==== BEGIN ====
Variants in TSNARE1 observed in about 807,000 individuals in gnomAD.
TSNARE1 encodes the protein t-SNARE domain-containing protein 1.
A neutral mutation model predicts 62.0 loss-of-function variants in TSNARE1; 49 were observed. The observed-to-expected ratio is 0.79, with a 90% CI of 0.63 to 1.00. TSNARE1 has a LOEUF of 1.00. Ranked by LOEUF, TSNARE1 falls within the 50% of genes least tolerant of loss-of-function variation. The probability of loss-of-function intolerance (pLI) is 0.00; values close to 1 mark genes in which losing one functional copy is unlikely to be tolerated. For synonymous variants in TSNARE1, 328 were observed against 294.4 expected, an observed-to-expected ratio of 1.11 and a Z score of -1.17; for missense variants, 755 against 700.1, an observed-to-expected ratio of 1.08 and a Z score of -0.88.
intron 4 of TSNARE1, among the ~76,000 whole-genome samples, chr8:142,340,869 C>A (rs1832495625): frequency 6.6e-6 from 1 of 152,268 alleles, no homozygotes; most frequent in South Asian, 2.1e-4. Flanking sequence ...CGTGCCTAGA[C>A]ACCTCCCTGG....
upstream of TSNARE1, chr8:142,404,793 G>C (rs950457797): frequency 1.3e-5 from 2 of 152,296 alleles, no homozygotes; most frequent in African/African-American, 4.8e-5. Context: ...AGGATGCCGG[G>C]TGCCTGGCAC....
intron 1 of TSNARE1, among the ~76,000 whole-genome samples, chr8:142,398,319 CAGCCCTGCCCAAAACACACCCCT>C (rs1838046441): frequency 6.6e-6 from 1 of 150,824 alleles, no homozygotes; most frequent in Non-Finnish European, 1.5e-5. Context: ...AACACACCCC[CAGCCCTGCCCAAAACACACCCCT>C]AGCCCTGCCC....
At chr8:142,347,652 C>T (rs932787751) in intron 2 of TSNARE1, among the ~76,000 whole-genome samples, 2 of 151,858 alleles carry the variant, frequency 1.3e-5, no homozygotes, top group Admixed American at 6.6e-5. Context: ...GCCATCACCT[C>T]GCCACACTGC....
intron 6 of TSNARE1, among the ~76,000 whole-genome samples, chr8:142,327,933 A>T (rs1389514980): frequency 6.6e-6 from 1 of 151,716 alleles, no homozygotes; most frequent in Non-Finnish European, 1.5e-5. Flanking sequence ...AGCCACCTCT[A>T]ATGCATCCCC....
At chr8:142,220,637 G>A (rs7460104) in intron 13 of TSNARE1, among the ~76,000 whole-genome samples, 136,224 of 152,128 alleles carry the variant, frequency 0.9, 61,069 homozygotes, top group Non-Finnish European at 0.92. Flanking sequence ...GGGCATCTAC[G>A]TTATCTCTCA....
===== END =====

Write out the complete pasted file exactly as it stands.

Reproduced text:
Variants in TSNARE1 observed in about 807,000 individuals in gnomAD.
TSNARE1 encodes the protein t-SNARE domain-containing protein 1.
A neutral mutation model predicts 62.0 loss-of-function variants in TSNARE1; 49 were observed. The observed-to-expected ratio is 0.79, with a 90% CI of 0.63 to 1.00. TSNARE1 has a LOEUF of 1.00. Ranked by LOEUF, TSNARE1 falls within the 50% of genes least tolerant of loss-of-function variation. The probability of loss-of-function intolerance (pLI) is 0.00; values close to 1 mark genes in which losing one functional copy is unlikely to be tolerated. For synonymous variants in TSNARE1, 328 were observed against 294.4 expected, an observed-to-expected ratio of 1.11 and a Z score of -1.17; for missense variants, 755 against 700.1, an observed-to-expected ratio of 1.08 and a Z score of -0.88.
intron 4 of TSNARE1, among the ~76,000 whole-genome samples, chr8:142,340,869 C>A (rs1832495625): frequency 6.6e-6 from 1 of 152,268 alleles, no homozygotes; most frequent in South Asian, 2.1e-4. Flanking sequence ...CGTGCCTAGA[C>A]ACCTCCCTGG....
upstream of TSNARE1, chr8:142,404,793 G>C (rs950457797): frequency 1.3e-5 from 2 of 152,296 alleles, no homozygotes; most frequent in African/African-American, 4.8e-5. Context: ...AGGATGCCGG[G>C]TGCCTGGCAC....
intron 1 of TSNARE1, among the ~76,000 whole-genome samples, chr8:142,398,319 CAGCCCTGCCCAAAACACACCCCT>C (rs1838046441): frequency 6.6e-6 from 1 of 150,824 alleles, no homozygotes; most frequent in Non-Finnish European, 1.5e-5. Context: ...AACACACCCC[CAGCCCTGCCCAAAACACACCCCT>C]AGCCCTGCCC....
At chr8:142,347,652 C>T (rs932787751) in intron 2 of TSNARE1, among the ~76,000 whole-genome samples, 2 of 151,858 alleles carry the variant, frequency 1.3e-5, no homozygotes, top group Admixed American at 6.6e-5. Context: ...GCCATCACCT[C>T]GCCACACTGC....
intron 6 of TSNARE1, among the ~76,000 whole-genome samples, chr8:142,327,933 A>T (rs1389514980): frequency 6.6e-6 from 1 of 151,716 alleles, no homozygotes; most frequent in Non-Finnish European, 1.5e-5. Flanking sequence ...AGCCACCTCT[A>T]ATGCATCCCC....
At chr8:142,220,637 G>A (rs7460104) in intron 13 of TSNARE1, among the ~76,000 whole-genome samples, 136,224 of 152,128 alleles carry the variant, frequency 0.9, 61,069 homozygotes, top group Non-Finnish European at 0.92. Flanking sequence ...GGGCATCTAC[G>A]TTATCTCTCA....